Professionalism is easy to distinguish in some careers – by their dress, their voice, their standards. I’ve had as many types of teachers as I’ve had teachers. The different doctors I’ve seen over the years have been very similar in demeanor (even in Korea, though that’s another story of the circumstances of needing to see a doctor). Given the achievements of the Korean students, I expected a certain professionalism among their teachers I saw in, well, other professions. What I saw, though, was not unlike teachers in America. One teacher was highly focused on rigid memorization. Another used games constantly while another used role play. One teacher used projects, another used discipline. The results varied as widely as the teachers – certain students would react better to a certain method (I’ll have to explore this in a whole other post). The problem lands on the students, as the teacher’s have their own preferences. Yes, all the teachers (in Korea or otherwise) get their bachelors, masters or beyond, but when they’re in the classroom they react as how they always would.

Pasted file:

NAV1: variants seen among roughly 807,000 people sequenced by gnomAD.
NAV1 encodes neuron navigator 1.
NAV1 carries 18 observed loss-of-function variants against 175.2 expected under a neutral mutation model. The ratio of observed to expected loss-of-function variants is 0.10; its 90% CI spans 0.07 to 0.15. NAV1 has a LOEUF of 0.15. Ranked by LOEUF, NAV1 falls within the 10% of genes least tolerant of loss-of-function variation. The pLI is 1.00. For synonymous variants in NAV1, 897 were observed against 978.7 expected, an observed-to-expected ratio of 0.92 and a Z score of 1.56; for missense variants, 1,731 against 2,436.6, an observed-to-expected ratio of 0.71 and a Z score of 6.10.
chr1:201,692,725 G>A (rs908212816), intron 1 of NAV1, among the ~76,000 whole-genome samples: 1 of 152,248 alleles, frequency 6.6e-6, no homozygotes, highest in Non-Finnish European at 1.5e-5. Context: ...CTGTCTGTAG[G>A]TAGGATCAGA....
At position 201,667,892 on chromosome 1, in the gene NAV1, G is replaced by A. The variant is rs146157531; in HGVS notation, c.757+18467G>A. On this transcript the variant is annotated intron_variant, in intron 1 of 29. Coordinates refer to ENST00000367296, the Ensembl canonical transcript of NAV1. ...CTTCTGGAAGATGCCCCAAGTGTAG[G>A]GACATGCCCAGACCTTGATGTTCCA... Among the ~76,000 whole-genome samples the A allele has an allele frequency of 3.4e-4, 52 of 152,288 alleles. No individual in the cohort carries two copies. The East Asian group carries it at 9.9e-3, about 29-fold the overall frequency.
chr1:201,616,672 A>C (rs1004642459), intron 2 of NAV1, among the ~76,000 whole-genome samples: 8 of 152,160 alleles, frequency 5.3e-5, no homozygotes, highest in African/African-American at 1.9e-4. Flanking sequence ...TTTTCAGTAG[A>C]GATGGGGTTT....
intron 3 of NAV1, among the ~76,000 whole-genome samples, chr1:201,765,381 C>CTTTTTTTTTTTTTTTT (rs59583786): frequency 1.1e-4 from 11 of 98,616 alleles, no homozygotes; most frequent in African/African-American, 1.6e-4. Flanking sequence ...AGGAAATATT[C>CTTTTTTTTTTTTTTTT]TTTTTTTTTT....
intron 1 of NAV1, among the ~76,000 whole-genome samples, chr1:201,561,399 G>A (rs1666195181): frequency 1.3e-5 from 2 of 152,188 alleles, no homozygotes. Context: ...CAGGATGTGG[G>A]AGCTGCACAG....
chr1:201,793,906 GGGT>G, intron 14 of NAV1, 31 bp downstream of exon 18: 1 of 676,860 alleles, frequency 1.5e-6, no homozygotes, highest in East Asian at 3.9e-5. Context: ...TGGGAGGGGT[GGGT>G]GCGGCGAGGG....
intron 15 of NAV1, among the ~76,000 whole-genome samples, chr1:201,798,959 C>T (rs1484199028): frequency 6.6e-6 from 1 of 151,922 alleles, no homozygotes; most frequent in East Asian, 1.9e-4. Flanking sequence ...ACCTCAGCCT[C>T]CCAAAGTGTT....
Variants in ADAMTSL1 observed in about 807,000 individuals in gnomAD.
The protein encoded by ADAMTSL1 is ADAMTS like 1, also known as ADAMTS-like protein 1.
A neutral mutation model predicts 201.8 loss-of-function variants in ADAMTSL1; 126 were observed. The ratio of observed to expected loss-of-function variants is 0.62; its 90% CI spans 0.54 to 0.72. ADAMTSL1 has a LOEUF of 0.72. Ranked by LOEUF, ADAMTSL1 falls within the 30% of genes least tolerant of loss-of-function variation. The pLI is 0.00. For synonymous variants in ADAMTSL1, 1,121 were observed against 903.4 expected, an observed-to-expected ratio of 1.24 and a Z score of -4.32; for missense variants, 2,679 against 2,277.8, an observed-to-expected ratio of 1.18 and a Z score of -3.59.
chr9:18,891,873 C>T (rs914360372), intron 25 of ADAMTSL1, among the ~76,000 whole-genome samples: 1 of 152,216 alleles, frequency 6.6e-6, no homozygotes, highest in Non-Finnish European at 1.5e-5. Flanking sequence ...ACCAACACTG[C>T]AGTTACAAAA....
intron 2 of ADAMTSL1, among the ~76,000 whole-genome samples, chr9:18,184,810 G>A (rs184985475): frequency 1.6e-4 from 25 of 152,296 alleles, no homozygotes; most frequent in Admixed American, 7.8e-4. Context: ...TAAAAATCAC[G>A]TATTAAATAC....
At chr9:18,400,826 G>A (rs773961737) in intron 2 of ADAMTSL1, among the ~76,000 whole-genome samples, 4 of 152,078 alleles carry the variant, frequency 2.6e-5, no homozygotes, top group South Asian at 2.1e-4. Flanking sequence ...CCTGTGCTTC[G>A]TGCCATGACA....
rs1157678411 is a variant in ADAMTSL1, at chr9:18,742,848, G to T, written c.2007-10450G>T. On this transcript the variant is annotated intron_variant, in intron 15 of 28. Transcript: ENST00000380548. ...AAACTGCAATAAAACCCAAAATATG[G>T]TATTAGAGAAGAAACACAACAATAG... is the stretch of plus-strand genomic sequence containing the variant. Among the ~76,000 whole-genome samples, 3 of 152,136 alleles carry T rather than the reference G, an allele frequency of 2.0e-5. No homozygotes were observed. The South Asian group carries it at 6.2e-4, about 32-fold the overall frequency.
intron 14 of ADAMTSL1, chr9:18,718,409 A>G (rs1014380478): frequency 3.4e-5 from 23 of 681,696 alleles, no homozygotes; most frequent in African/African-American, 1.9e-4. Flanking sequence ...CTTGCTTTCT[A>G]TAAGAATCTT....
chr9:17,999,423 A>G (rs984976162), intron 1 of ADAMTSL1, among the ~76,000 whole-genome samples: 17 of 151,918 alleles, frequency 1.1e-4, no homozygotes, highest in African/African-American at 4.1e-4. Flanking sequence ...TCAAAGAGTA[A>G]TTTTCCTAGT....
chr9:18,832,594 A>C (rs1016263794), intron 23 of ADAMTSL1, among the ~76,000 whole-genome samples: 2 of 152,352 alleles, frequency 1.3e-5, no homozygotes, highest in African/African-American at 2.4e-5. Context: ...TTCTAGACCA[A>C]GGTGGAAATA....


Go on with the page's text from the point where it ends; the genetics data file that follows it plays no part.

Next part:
Since people are different, they’ll treat children differently based on their own preferences, culture or otherwise. Some children will be taught, some will learn science, some will learn history, but something or someone is always left behind (this isn’t about that other ‘left behind’ act). As in other professions, teachers have to work together to ensure methods and standards in the role of being a teacher. It shouldn’t be left up to the district, or people who never were teachers, but teachers themselves setting the standard and controlling the standard. It’ll start small, but it’ll grow. I hope it includes tweed jackets.